Perhaps the No. 1 response you can expect to get from an insider about why Hollywood remains a mostly white person’s game is that non-white faces “don’t sell” overseas. Which is code for: Hollywood isn’t racist—the rest of the world is. And Hollywood is, first and foremost, a business. That last part, at least, is definitely true. But are international audiences really inherently turned off by stories about people of color?
Enter Hollywood Reporter’s latest, bizarre investigation into the topic of diversity, in which some prominent studio executives and industry insiders speak about how non-white stories are bad for global business. “Empire Flops Overseas as Foreign Viewers Resist Hollywood’s Diversity Push,” reads the doomsday headline, effectively announcing that inclusiveness = the end of the (white) world as we know it. Writer Scott Roxborough sets up the perfect bait and switch in his opener: American studios are greenlighting shows with inclusive casts in record numbers, he writes. A Sony Pictures TV casting director is quoted as saying that color-blind casting has arrived; “Now it’s just who is the best actor for the role.” (This is a naïve, slightly troubling way of looking at this, as I’ve expounded on before, but whatever.)
Lest you think that this is a great thing for television, don’t get too excited—in the next paragraph, Fox’s international TV president Marion Edwards promptly craps all over those positive vibes. “These shows are a reflection of our society, but [they are] not a reflection of all societies.” And later on in the piece, Edwards adds: “We are telling our units that they need to be aware that by creating too much diversity in the leads in their show means … problems having their shows translating to the international market.”
“Too much diversity,” eh? This has a whiff of “The Year of Ethnic Castings—Too Much of a Good Thing?”, a Deadline piece that also ever-so-graciously cautioned Americans against embracing non-white stories. Edwards’ quote is telling and more than a bit worrisome because, unlike a Deadline journalist, she’s actually got leverage in the industry—she can and, by her own admission, is, reinforcing the belief that America’s best and only lucrative cultural export is that of a white face. Undoubtedly, she is not alone in thinking such things—Don Cheadle, who’s discussed his upcoming Miles Davis biopic and his need to cast a white actor in a secondary role in order to get the film off the ground, recently told me as much: “I also know people, that when they go around and sell these movies that that is a story—I don’t know how you can prove it quantifiably, that you need [a major white character] in order to make the movie go, but I know that’s the story.”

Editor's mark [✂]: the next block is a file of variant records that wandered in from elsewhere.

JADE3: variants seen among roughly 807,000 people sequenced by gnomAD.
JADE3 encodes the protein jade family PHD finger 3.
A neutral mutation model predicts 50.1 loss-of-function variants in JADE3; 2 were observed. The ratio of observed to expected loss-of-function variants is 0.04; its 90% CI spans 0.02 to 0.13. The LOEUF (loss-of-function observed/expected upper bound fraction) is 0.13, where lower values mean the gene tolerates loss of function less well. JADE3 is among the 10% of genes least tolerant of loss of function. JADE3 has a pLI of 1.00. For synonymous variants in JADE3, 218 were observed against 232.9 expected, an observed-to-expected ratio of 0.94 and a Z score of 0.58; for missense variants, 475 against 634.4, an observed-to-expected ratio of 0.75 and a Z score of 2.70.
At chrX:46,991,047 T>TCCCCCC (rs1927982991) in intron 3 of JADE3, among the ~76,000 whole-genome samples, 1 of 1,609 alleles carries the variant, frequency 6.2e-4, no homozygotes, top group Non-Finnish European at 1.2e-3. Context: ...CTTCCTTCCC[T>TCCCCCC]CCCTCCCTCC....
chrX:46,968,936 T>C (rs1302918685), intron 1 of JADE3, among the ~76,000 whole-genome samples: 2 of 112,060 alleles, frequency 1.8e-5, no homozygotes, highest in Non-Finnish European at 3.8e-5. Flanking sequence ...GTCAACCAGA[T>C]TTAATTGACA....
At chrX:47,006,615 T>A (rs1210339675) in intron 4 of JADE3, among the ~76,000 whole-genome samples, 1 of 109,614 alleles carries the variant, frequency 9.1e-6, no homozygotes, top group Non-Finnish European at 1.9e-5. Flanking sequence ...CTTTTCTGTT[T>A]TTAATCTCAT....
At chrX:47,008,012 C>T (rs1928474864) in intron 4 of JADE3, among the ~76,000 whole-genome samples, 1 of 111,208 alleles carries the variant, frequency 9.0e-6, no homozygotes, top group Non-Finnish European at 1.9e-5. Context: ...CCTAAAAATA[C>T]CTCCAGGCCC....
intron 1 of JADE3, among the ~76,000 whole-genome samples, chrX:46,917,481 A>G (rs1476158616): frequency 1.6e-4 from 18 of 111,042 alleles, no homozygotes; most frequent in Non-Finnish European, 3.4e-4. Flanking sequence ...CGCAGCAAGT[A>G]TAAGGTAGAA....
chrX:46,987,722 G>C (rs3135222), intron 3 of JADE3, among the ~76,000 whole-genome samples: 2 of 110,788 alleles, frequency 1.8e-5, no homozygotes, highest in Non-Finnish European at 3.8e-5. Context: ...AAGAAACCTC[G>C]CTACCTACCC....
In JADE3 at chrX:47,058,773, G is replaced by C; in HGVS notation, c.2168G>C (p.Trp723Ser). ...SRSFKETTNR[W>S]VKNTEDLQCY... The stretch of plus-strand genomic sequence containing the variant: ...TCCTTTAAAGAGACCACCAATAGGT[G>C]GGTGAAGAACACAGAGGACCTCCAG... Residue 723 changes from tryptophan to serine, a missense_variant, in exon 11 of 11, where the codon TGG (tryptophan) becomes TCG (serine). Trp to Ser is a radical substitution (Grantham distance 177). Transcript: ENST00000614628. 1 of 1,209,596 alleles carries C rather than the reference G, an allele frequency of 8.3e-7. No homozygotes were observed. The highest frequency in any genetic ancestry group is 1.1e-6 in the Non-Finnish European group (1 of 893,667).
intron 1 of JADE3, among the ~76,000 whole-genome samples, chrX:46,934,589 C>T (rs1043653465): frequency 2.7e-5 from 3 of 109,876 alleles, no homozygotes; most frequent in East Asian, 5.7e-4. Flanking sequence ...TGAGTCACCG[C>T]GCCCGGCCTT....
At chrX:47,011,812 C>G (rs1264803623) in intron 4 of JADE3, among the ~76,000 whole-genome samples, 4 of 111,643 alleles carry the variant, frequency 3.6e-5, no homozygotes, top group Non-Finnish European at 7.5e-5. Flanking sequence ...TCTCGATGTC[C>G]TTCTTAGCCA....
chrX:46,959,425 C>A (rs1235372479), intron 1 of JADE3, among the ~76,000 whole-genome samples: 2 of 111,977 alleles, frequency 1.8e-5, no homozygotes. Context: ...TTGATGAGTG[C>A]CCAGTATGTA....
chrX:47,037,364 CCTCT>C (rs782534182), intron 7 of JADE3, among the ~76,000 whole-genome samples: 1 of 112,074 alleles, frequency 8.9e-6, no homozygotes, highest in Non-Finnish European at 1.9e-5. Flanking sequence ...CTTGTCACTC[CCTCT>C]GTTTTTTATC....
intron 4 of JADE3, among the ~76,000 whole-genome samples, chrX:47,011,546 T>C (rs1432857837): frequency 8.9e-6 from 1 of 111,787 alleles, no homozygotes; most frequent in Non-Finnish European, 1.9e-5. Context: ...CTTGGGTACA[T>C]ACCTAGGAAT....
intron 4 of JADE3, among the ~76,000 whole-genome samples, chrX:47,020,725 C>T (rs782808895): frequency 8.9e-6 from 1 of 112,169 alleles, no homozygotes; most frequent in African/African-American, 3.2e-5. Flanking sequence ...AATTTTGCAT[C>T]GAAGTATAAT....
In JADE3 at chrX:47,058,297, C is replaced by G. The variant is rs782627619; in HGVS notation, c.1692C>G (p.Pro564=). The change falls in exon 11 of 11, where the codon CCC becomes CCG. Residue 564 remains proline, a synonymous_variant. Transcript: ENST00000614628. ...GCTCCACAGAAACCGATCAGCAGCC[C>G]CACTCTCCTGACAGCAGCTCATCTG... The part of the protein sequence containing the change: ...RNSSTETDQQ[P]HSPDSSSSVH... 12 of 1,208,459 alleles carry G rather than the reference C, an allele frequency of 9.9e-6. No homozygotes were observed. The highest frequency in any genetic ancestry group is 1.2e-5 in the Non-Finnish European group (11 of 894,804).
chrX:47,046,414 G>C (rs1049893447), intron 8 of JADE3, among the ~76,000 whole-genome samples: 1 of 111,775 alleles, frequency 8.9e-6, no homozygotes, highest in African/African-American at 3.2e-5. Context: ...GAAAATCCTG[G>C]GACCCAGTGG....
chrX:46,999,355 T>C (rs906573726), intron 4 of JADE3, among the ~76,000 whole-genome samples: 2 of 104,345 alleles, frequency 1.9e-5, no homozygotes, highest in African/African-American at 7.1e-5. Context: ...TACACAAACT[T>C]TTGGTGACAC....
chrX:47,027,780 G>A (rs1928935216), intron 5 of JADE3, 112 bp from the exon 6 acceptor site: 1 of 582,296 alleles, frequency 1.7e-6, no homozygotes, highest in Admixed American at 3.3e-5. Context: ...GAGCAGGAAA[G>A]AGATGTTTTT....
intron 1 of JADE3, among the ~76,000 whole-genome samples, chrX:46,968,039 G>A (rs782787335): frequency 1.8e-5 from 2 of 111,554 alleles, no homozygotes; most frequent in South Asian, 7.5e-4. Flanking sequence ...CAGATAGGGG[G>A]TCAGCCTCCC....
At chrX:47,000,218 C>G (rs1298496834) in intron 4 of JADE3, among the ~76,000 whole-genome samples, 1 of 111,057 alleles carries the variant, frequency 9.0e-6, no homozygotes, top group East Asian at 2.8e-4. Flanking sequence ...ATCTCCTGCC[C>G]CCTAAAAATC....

Welp, the Hollywood Reporter piece has the numbers! And they don’t look good. Roxborough details what makes Empire a “global flop”: In the UK, the first season brought in a “middling” 717,000 viewers, and the second season “has been worse” thus far. Australia, Canada, and Germany haven’t been feeling it, either, he reports. But what the article and those quoted in the article fail to specify, with the same attention to detail as is demonstrated here with Empire’s ratings, is how other American shows with predominantly white casts are doing abroad in comparison. Apparently, it’s better to just focus on the the likes of Empire, because they are the exception to the rule—they’re doing it wrong, merely by existing.
Weirdly, and somewhat to its credit, the piece does a surprising 180 in the last half, and offers more solid counterarguments for why a show like Empire isn’t doing well abroad. Roxborough writes, “American series simply aren’t as popular as they used to be,” citing increased competition from countries that are increasingly producing more of their own content at home. (A quick look at the U.K.’s Broadcast Audience Research Board stats for top 30 shows in various months throughout 2015 reveals as much, save for fare like the inexplicable juggernaut The Big Bang Theory, the relatively diverse The Walking Dead, and comic book-themed Gotham.) Even Edwards admits that shows with diverse casts like NCIS and CSI have done huge business globally. Roxborough also quotes an African American studies professor who points to the success of Roots and The Fresh Prince of Bel-Air as shows with black characters that have found success abroad. And yet still, that professor manages to conclude that perhaps the problem isn’t necessarily diverse faces on screen, but the kind of diverse stories being told—a show like How to Get Away With Murder, in which the stories aren’t “ethnically specific,” sell better overseas than a show like Empire, unabashed in its blackness.
The most salient points of all are presented as an afterthought. A head of drama at one of Germany’s commercial networks narrows down the theory even more: “Almost everything is serial, with long multi-episode story arcs, [and] that doesn’t work for us.” This seems like the real issue to contend with here, but instead THR frames the failure of Empire and other diverse shows in global markets as matters of international racism. In centering this piece around Empire’s diversity and avoiding singling out how other predominantly white shows are also faring overseas, this piece can continue to promote the silly idea that white is the impenetrable, beloved default for cultural exports abroad.